Leadership students help United Way

May 04, 2006, volume 36, no. 1
By Paulette Johnston



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United Way month at Simon Fraser University isn't until November, but volunteers are busy now, thanks to the groundwork for a five-year strategic plan developed for the university by four students completing a certificate in innovative leadership.

Chris Rogerson, student life educator with the student development and programming centre, says the seven-month, non-credit program's primary purpose is to teach undergraduate and graduate students to be effective leaders in any field.

In the program's final stage, teams of students work on real-life projects with organizations as diverse as Volunteer Burnaby, SFU student recruitment and the Canadian National Institute for the Blind in Calgary.

Four of the 47 students in this inaugural program - James Liu, Alex Nataros, Corwin Odland and Joshua Ruberg - selected the SFU United Way campaign as their project.

They worked with volunteers on campus who organize the annual campaign, as well as with staff at United Way of the Lower Mainland in Burnaby.

The result was a comprehensive list of recommendations and strategies for recruiting more campus participation in activities like designing new campaign posters, or involving student athletes in fundraising ventures. In the past, the campaign was directed to faculty and staff, but the students found there were also ways to involve the student community.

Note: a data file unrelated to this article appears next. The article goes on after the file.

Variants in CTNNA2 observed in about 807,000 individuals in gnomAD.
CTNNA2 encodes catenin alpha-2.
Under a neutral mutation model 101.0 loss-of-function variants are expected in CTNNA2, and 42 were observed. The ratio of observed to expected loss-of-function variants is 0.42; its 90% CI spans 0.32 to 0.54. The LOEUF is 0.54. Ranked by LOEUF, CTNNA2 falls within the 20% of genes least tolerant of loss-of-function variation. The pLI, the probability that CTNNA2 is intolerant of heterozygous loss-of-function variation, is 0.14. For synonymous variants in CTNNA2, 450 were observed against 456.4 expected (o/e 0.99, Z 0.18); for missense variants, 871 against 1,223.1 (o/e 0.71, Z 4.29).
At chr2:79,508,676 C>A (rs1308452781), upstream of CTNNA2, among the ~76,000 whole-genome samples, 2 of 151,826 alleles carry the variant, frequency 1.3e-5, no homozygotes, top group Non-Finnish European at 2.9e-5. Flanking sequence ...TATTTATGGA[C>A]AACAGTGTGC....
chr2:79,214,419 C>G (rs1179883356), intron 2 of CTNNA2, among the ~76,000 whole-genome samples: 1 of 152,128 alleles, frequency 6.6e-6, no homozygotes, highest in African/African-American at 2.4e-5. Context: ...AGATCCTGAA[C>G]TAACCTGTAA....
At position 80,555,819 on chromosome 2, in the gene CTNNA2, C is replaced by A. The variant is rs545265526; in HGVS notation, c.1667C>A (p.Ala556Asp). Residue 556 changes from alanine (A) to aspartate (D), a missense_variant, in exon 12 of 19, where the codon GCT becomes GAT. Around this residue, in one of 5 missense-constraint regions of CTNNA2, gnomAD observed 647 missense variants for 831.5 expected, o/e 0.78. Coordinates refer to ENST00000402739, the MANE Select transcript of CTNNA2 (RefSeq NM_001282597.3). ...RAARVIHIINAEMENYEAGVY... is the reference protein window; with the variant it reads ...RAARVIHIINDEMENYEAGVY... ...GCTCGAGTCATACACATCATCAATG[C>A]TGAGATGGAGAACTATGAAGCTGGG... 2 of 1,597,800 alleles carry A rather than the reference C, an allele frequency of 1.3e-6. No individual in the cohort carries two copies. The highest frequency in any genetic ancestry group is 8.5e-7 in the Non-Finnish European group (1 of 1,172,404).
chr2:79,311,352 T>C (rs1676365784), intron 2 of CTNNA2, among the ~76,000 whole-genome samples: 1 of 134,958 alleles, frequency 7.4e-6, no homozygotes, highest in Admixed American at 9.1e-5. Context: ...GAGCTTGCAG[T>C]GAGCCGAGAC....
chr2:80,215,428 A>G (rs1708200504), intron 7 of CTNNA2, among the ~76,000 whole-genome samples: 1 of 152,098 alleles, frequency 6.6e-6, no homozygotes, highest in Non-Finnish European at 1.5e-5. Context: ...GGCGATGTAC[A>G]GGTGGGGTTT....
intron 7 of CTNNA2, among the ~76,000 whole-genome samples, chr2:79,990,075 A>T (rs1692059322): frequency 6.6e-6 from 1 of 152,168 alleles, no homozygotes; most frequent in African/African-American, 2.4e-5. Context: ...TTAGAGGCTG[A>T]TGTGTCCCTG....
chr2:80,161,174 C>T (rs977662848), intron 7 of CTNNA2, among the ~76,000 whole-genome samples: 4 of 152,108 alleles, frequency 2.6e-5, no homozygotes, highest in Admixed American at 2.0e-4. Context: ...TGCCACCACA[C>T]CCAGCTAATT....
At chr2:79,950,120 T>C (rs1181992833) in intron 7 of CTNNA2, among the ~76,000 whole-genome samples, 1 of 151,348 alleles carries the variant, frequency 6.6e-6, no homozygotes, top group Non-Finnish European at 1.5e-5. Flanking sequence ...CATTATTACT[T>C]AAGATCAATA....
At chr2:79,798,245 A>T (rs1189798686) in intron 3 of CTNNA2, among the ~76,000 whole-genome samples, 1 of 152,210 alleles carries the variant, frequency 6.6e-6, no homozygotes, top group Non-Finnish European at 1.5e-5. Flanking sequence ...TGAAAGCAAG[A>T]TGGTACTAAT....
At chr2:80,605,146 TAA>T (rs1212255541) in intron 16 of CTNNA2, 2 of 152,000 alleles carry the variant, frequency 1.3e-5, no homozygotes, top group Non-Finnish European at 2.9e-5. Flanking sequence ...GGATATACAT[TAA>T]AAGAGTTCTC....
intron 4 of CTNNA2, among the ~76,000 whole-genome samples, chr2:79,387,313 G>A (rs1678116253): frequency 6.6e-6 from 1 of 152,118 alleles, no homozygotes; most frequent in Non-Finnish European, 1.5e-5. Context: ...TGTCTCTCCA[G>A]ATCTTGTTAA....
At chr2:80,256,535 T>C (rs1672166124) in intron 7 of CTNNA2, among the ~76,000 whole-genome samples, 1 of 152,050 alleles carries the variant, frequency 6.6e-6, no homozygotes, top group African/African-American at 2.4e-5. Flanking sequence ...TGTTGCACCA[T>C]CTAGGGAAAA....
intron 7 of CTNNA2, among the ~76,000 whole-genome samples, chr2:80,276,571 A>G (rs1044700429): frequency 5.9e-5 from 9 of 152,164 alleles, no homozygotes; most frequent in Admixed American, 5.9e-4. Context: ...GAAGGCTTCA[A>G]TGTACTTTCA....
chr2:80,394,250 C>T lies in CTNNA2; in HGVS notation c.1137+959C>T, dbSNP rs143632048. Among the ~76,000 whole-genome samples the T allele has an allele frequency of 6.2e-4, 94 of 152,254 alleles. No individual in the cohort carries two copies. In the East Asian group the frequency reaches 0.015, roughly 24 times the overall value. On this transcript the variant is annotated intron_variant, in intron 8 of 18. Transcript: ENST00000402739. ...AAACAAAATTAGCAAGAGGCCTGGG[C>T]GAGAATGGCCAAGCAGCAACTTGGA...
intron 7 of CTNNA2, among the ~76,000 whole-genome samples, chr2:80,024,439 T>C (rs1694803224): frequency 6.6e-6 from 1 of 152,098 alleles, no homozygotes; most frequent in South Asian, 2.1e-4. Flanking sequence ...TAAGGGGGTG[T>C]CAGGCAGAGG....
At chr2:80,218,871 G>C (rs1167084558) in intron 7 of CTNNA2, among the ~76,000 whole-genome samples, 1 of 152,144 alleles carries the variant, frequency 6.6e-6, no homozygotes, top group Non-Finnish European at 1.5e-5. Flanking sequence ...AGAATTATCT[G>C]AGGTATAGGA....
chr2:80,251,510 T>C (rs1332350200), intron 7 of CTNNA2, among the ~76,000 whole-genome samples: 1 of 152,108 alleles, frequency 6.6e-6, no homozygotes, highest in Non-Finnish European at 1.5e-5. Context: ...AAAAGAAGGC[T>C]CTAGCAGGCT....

“The goals of the United Way campaign at SFU have always been twofold: to raise much-needed dollars for the wider community and also to encourage participation from members of the SFU campuses in university-wide activities like book, bake and garage sales,” says Alison Watt, a member of the campaign committee.

“The project these students have developed is a starting point for developing future plans as needs within the community grow and our need to contribute financially grows.”

For the students, the immediate benefit was learning more about United Way, as some of them had volunteered in the past with organizations like the Canadian Red Cross, a United Way recipient.

They learned about campaigns held at other universities and at large and small companies throughout the Lower Mainland. Longer term benefits included participation in various workshops, including Leading with vision; How to lead, motivate and keep your best people; and Situational leadership. Says Odland, “I learned skills that I will be able to use for the rest of my life.”

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